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1858 Prize Finalist: José Bedia

Vinculo en Azul, by José Bedia

Extensive travel, appreciation for tradition, and a unique approach to translating history have all shaped the career of José Bedia. Born in 1959 in Havana, Cuba, Bedia grew up surrounded by a rich culture which fostered a deep appreciation for the traditions and history that are passed from generation to generation. This interest infused his passion for the arts at an early age and he developed the formal techniques of drawing and illustration as a student at San Alejandro Academy. He later attended the prestigious Instituto Superior de Arte in Havana where his studies in tribal art, anthropology, mythology, and philosophy heavily influenced his creative process. Much of Bedia’s work is a fusion of the anthropological, religious, and cultural traditions of the people and places he has visited. His particular interest in the traditions of Native American and Afro-Caribbean cultures explores how the history of these societies affect us in the present and what can be learned from them.

Presentacion de un Numen, by José Bedia
Presentacion de un Numen, by José Bedia; Courtesy of the artist
Senora del Chichicate, by José Bedia

Senora del Chichicate, by José Bedia; oil on canvas, 71 x 88 ½ inches; Courtesy of the artist

Bedia’s travels have taken him to countries throughout North and South America, Africa and Asia, where he collects stories and oral traditions from those whom he meets. He then infuses his work with this knowledge, interpreting a seemingly foreign culture into something familiar to him. Bedia’s art finds the connections between cultures and time periods that link all humans together. Human representations in Bedia’s work are often featureless and have no distinguishable characteristics, such as the figures in Presentacion de un Numen. This technique allows the viewer to imagine themselves as the figure and infuse the work with their own personal interpretation and history. Bedia often elects to paint directly onto his chosen surface with his hands, furthering the connection between the artist, the materials and the finished product. Viewers can see this in Nkuyo Campo Nfinda where Bedia’s handprints are clearly visible in the modeling of the figure’s head.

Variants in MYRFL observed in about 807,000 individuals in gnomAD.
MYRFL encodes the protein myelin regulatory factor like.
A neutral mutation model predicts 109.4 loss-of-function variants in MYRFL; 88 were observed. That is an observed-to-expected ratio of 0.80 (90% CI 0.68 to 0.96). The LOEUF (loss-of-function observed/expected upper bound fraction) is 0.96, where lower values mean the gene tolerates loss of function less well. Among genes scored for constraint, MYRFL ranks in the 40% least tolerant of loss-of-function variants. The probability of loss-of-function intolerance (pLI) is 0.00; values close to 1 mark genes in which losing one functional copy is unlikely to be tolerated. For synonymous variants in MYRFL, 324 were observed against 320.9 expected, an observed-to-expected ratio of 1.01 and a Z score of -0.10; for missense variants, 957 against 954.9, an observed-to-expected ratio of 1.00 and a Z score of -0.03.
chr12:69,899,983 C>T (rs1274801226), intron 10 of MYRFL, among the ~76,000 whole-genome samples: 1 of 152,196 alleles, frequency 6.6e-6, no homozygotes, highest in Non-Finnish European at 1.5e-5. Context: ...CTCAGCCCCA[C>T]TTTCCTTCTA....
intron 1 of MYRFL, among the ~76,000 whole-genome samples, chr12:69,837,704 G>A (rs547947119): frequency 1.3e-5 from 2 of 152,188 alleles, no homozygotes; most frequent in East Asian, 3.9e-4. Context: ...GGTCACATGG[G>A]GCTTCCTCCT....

Nkuyo Campo Nfinda, by José Bedia
Nkyuo Campo Nfinda, by José Bedia; Courtesy of the artist

José Bedia moved to Miami, Florida in 1993. His work has been featured in private and public collections around the world, including the Museo Nacional Palacio de Bellas Artes in Havana, The Metropolitan Museum of Art in New York, The Whitney Museum of American Art, The Guggenheim Museums, Tate Modern in London and the Pérez Art Museum in Miami.

Amanda Breen, Membership Manager, Gibbes Museum of Art

This is one of six posts covering the 2016 finalists for the 1858 Prize for Contemporary Southern Art. The winner will be announced on August 15, 2016.

Top image: Vinculo en Azul, 2013, by José Bedia; mixed media on paper; 47 ½ x 94.5 ½ inches; Courtesy of the artist


Published July 21, 2016

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